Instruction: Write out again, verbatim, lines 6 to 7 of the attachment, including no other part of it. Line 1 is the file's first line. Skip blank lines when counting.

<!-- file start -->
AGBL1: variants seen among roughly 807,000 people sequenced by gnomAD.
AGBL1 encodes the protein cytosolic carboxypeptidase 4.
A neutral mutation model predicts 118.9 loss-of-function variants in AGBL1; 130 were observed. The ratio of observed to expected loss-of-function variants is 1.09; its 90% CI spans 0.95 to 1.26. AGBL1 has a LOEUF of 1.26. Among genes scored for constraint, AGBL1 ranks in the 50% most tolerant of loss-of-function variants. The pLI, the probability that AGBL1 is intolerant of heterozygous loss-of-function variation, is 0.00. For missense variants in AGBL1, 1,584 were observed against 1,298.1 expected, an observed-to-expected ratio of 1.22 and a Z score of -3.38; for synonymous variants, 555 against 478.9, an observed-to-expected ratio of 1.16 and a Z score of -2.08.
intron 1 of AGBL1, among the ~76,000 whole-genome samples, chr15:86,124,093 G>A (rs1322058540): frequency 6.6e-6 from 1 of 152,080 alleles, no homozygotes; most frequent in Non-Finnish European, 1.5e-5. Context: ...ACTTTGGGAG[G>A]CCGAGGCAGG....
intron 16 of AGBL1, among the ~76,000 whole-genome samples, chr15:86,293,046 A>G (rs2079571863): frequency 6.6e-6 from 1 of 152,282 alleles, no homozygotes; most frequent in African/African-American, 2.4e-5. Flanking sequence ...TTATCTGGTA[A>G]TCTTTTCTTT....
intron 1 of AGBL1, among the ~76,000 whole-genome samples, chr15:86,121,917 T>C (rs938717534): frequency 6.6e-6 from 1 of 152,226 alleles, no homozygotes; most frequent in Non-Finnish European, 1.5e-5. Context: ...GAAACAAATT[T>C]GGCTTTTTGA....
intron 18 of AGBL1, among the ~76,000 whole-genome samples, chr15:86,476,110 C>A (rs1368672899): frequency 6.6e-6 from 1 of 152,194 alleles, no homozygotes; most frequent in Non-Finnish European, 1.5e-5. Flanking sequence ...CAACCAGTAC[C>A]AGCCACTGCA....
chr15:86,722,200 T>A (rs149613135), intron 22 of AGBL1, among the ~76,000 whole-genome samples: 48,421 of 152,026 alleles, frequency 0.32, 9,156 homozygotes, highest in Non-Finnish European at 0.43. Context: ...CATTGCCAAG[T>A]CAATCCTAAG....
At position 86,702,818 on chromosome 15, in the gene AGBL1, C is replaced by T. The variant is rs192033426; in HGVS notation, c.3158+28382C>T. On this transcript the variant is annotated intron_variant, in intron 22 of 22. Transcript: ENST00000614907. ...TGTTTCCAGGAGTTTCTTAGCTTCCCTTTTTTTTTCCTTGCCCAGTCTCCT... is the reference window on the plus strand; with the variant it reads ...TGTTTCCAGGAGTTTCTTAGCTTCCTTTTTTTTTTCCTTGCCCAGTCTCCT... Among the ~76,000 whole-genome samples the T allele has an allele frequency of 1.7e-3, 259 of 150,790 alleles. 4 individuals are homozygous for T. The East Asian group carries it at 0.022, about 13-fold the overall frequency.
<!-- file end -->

intron 1 of AGBL1, among the ~76,000 whole-genome samples, chr15:86,121,917 T>C (rs938717534): frequency 6.6e-6 from 1 of 152,226 alleles, no homozygotes; most frequent in Non-Finnish European, 1.5e-5. Context: ...GAAACAAATT[T>C]GGCTTTTTGA....
intron 18 of AGBL1, among the ~76,000 whole-genome samples, chr15:86,476,110 C>A (rs1368672899): frequency 6.6e-6 from 1 of 152,194 alleles, no homozygotes; most frequent in Non-Finnish European, 1.5e-5. Flanking sequence ...CAACCAGTAC[C>A]AGCCACTGCA....